The notion of a low-power paper-like display had existed since the 1970s, originally conceived by researchers at Xerox PARC, but had never been realized. While a post-doctoral student at Stanford university, physicist Joseph Jacobson envisioned a multi-page book with content that could be changed at the push of a button and required little power to use.
Neil Gershenfeld brought in Jacobson to the MIT Media Lab in 1995 after hearing his ideas for an electronic book. Jacobson, in turn, recruited MIT undergrads Barrett Comiskey, a math major, and J.D. Albert, a mechanical engineering major, to create the display technology required to realize his vision.
The initial approach was to create tiny spheres which were half white and half black, and which, depending on the electric charge, would rotate such that the white side or the black side would be visible on the display. Albert and Comiskey were told this approach was impossible by most experienced chemists and materials scientists and they had trouble creating these perfectly half-white, half-black spheres, and during his experiments, Albert accidentally created some all-white spheres.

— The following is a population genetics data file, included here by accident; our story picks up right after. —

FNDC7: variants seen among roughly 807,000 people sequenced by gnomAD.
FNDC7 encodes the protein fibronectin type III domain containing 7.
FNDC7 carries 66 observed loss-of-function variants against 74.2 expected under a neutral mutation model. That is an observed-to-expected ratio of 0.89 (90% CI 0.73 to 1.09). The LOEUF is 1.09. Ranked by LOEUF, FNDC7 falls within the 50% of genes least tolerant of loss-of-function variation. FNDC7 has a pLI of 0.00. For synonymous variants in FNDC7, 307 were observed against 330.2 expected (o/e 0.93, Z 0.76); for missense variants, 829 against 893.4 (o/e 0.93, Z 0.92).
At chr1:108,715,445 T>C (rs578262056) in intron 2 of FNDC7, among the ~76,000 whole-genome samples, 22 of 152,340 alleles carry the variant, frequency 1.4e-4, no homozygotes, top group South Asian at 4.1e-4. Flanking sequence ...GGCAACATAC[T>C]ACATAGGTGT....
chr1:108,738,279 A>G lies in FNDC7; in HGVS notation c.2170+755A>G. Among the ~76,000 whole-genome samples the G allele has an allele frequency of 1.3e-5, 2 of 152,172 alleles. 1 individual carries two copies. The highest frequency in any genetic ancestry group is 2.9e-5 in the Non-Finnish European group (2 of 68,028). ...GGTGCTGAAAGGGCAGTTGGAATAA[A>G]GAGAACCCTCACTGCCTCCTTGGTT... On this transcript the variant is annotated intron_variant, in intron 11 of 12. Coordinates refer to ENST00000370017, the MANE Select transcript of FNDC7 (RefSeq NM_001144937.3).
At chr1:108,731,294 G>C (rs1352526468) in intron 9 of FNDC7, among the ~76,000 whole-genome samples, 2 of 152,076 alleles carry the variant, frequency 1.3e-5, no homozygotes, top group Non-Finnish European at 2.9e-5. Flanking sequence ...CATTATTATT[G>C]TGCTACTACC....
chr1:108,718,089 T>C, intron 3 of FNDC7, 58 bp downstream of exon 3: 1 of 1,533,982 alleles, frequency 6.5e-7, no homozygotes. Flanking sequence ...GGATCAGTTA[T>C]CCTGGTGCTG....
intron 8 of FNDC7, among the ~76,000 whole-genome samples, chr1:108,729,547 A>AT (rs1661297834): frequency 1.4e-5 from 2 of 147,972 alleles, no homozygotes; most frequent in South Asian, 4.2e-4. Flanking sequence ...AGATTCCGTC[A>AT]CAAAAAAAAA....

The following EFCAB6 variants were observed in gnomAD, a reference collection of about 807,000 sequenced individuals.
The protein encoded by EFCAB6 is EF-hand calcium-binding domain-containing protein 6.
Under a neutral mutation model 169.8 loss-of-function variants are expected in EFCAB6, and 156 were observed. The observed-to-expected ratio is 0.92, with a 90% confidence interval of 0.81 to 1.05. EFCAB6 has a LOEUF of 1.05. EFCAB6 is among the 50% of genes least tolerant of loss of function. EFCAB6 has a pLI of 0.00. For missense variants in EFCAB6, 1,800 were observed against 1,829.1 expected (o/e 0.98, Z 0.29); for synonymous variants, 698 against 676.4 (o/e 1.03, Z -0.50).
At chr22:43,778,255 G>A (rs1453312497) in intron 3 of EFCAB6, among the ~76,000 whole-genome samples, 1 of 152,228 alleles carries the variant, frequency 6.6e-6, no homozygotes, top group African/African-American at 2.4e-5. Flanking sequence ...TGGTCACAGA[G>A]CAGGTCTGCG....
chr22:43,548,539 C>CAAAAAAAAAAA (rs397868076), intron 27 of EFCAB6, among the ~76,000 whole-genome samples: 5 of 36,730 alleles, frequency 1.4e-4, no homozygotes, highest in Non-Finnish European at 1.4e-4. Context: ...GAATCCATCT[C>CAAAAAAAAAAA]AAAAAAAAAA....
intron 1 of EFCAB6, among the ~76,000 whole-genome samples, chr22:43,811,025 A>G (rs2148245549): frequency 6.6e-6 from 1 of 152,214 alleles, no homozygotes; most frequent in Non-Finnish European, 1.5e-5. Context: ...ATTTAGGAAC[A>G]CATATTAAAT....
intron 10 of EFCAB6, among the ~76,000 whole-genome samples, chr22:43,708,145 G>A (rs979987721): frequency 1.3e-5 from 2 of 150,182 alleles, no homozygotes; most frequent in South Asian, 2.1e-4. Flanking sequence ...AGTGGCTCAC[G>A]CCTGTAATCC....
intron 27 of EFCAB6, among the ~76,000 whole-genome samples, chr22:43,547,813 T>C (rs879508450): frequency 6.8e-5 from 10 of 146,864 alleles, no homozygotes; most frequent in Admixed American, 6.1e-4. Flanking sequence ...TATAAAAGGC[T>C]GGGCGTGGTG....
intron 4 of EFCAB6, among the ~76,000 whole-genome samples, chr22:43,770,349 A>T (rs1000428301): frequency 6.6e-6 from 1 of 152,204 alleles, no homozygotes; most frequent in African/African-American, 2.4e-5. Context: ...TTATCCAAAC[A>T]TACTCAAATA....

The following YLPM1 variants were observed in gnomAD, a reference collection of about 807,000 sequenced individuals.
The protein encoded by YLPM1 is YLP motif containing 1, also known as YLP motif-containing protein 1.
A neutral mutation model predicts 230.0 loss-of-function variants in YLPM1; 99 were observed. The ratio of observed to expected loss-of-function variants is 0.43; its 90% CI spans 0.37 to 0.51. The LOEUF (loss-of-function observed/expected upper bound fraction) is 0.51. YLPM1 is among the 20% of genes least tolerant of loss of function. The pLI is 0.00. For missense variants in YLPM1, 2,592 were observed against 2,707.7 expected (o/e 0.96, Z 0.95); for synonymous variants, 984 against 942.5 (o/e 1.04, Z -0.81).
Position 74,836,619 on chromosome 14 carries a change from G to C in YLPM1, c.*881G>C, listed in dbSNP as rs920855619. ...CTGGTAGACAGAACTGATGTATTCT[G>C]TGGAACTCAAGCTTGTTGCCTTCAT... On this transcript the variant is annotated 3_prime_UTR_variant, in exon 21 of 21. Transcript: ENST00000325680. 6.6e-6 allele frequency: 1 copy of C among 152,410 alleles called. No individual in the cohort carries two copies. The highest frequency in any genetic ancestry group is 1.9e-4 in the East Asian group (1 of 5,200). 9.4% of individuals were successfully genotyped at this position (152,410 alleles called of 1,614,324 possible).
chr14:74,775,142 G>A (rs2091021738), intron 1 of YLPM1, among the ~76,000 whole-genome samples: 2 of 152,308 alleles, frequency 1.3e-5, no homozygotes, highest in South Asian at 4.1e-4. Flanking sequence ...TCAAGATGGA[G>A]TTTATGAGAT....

Comiskey experimented with charging and encapsulating those all-white particles in microcapsules mixed in with a dark dye. The result was a system of microcapsules which could be applied to a surface and then could be charged independently to create black and white images. A first patent was filed for this microencapsulated electrophoretic display by MIT in October 1996.
The scientific paper was featured on the cover of peer-reviewed journal Nature, unusual for work done by undergraduate students. The advantage of the microencapsulated electrophoretic display, and its potential for satisfying the practical requirements of electronic paper are summarized in the abstract of the Nature paper: